Vegetarians have 14 per cent lower cancer risk than meat-eaters

| Post published on March 2, 2022
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Doctor with fruit and veg

This study, co-funded by the World Cancer Research Fund (WCRF), found that: “being a low meat-eater, fish-eater, or vegetarian was associated with a lower risk of all cancer sites when compared to regular meat-eaters. We also found a lower risk of colorectal [bowel] cancer amongst low meat-eaters, a lower risk of postmenopausal breast cancer risk in vegetarian women, and a lower risk of prostate cancer amongst vegetarian men.”

The team of researchers, from the University of Oxford, analysed data from the UK Biobank study on almost half a million British adults. They were grouped as regular meat-eaters (247,571), low meat-eaters (205,385), fish-eaters (10,696) and vegetarians (8685) The vegetarian group included 466 vegans. All participants were free from cancer at the start and 54,961 cancer cases were diagnosed during the 11 years during which they were followed.

They found that compared with regular meat-eaters (eating meat more than five times a week), those consuming small amounts of meat had a two per cent lower risk of developing cancer. Fish-eaters had a 10 per cent lower risk but vegetarians were 14 per cent less likely to develop cancer.

They also found a nine per cent lower risk of bowel cancer amongst low meat-eaters, an 18 per cent lower risk of postmenopausal breast cancer risk in vegetarian women and a 31 per cent lower risk of prostate cancer amongst vegetarian men. The lower risk of postmenopausal breast cancer in vegetarians, they say, may be largely a result of vegetarians having a lower BMI than meat-eaters, with possibly some further impact due to vegetarian women having lower IGF-1 levels.

The growth hormone IGF-1 has been linked to an increased risk of certain cancers and studies have found lower levels in vegans. The authors say that the lower levels of IGF-1 in vegetarians in this study may have been influenced by the inclusion of vegans in this group. There are many other possible reasons for a lower risk of cancer among people who don’t eat meat, including reduced exposure to carcinogens in meat and the increased consumption of anti-cancer compounds in plant foods.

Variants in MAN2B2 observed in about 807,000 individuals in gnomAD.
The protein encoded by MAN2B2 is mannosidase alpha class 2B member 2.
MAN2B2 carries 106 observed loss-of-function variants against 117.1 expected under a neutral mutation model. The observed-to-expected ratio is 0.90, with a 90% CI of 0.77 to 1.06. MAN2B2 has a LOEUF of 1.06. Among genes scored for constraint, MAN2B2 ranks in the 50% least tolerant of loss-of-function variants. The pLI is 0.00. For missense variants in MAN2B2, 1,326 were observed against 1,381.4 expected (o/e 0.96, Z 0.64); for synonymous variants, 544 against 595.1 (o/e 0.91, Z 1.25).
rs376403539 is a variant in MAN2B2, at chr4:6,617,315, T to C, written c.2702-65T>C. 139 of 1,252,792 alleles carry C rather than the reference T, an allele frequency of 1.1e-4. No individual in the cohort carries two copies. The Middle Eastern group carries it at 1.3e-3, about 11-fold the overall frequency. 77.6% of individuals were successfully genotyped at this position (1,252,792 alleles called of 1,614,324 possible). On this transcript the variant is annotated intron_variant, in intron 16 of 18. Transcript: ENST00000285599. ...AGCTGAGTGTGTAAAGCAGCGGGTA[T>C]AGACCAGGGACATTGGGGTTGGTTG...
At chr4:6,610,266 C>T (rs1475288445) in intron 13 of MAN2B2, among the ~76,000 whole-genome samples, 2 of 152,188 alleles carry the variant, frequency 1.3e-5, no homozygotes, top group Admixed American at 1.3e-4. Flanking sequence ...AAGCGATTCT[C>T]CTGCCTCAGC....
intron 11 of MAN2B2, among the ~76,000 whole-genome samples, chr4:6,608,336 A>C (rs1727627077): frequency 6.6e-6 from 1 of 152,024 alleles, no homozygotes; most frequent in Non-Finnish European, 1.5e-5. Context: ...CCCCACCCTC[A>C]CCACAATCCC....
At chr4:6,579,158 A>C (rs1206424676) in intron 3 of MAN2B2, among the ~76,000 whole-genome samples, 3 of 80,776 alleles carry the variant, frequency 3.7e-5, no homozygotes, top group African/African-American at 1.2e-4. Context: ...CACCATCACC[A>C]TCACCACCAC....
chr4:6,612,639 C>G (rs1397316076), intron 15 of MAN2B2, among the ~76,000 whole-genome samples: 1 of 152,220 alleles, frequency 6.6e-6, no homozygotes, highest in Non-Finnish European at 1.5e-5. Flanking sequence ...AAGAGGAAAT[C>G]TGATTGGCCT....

These results confirm WCRF’s longstanding advice that people should limit their intake of red and processed meat and eat more wholegrains, vegetables, fruit and pulses. This finding falls in line with previous research showing how UK vegetarians have an 11 per cent lower risk of cancer and vegans 19 per cent lower. The US Adventist Health Study 2 had similar results; vegetarians had an eight per cent lower risk and vegans 16 per cent lower. Vegan women had 34 per cent fewer female-specific cancers.

More than 1,000 people are diagnosed with cancer every day in the UK. However, around 40 per cent of cancers could be prevented by dietary and lifestyle changes. The WCRF says: “A healthy diet for cancer prevention consists of a wide variety of fruit, vegetables, wholegrains, and very little junk food including sugary drinks.” They recommend limiting red meat and avoiding processed meat.

About the author
Dr. Justine Butler
I joined Viva! as a health campaigner in 2005 after graduating from Bristol University with a PhD in molecular biology. My scientific training helped me research and write numerous reports, guides and fact sheets for Viva! including Meat the Truth, Fish-Free for Life, One in Nine (breast cancer and diet) and the substantial report on the detrimental health effects of consuming dairy; White Lies. This accompanied Viva!’s report The Dark Side of Dairy which spelt out the inherent cruelty of dairy farming. We were the first UK group to take on the dairy industry in this way, and many of our supporters go vegan after reading these reports.

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